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http://dx.doi.org/10.1080/0284186X.2020.1738546DOI Listing
http://www.ncbi.nlm.nih.gov/pmc/articles/PMC7392817PMC
August 2020

Risk of breast cancer before and after rheumatoid arthritis, and the impact of hormonal factors.

Ann Rheum Dis 2020 05 11;79(5):581-586. Epub 2020 Mar 11.

Clinical Epidemiology Division, Department of Medicine Solna, Karolinska Institutet, Stockholm, Sweden.

Objectives: To examine the risk of incident breast cancer in women with rheumatoid arthritis (RA), and the risk of RA in women with a history of breast cancer, taking antihormonal treatment for breast cancer into account.

Methods: Using nationwide Swedish registers, women with new-onset RA diagnosed in 2006-2016 were identified and analysed using a cohort and a case-control design. Each patient with RA was matched on age, sex and place of residence to five randomly selected subjects from the general population. Through register linkages, we collected information on breast cancer, breast cancer risk factors (reproductive history and hormone replacement therapy) and socio-economy. The relative risk of breast cancer after RA was assessed using Cox regression, and the relative risk of RA in women with a history of breast cancer was assessed using conditional logistic regression.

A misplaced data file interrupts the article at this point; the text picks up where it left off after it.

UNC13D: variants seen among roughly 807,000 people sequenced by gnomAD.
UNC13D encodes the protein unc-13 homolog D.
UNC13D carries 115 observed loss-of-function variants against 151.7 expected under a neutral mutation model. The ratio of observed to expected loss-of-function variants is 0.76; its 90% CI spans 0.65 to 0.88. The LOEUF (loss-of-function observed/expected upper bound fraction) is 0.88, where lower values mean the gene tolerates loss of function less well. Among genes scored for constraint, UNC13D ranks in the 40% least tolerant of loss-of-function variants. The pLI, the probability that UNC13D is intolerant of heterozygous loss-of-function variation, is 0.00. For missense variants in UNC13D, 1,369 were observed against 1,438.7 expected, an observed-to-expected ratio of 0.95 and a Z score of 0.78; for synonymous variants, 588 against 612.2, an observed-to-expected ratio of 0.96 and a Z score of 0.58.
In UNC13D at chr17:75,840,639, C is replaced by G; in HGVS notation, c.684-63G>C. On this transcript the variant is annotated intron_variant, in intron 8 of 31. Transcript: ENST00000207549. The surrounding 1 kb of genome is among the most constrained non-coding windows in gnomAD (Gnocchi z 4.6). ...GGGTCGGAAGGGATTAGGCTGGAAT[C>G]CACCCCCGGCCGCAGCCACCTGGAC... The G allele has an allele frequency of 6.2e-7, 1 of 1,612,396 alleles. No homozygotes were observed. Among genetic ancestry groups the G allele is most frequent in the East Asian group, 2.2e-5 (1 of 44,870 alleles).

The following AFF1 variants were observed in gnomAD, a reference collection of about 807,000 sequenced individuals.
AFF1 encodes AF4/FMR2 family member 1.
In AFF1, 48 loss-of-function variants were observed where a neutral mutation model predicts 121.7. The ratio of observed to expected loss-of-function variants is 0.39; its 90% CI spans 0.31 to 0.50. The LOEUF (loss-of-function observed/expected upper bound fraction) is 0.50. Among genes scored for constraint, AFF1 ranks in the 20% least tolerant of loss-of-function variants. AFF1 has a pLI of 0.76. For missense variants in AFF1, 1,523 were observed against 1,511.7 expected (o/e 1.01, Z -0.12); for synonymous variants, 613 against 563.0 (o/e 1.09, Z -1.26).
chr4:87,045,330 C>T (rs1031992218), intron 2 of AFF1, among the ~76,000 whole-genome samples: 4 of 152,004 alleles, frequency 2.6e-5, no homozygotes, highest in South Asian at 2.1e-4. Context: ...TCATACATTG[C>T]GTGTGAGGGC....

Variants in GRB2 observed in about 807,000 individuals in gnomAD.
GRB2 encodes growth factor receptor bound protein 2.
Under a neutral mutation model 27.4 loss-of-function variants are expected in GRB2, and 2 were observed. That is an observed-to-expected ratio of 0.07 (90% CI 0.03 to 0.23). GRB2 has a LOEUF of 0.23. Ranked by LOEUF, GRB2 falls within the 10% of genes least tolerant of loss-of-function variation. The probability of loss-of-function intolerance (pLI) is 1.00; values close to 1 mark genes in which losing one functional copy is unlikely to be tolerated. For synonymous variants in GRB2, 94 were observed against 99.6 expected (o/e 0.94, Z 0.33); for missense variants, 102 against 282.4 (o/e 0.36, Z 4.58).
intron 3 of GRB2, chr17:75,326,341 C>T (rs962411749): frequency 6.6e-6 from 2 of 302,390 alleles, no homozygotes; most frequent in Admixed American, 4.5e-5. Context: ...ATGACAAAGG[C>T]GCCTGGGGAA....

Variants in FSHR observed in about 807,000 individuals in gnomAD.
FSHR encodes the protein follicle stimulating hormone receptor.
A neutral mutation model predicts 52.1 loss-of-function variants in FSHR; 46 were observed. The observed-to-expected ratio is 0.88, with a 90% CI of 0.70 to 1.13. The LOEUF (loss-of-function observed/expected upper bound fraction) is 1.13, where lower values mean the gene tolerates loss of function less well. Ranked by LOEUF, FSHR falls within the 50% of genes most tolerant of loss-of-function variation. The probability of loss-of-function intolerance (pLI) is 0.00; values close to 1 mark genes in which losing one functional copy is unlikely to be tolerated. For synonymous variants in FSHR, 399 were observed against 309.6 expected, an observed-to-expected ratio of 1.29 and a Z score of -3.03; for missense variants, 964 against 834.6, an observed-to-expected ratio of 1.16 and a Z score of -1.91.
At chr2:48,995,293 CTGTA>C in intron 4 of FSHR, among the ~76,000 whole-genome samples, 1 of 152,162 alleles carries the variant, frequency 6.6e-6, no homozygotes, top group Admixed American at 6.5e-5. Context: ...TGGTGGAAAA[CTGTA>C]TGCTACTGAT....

Results: The risk of incident breast cancer in women with RA was reduced and the association was not attenuated by adjustment for breast cancer risk factors (HR=0.80, 95% CI 0.68 to 0.93). The risk of RA in women with a history of breast cancer was similarly reduced (OR=0.87, 95% CI 0.79 to 0.95). Women with breast cancer treated with tamoxifen (OR=0.86, 95% CI 0.62 to 1.20) or aromatase inhibitors (OR=0.97, 95% CI 0.69 to 1.37) did not have an increased risk of RA compared with women with breast cancer treated differently.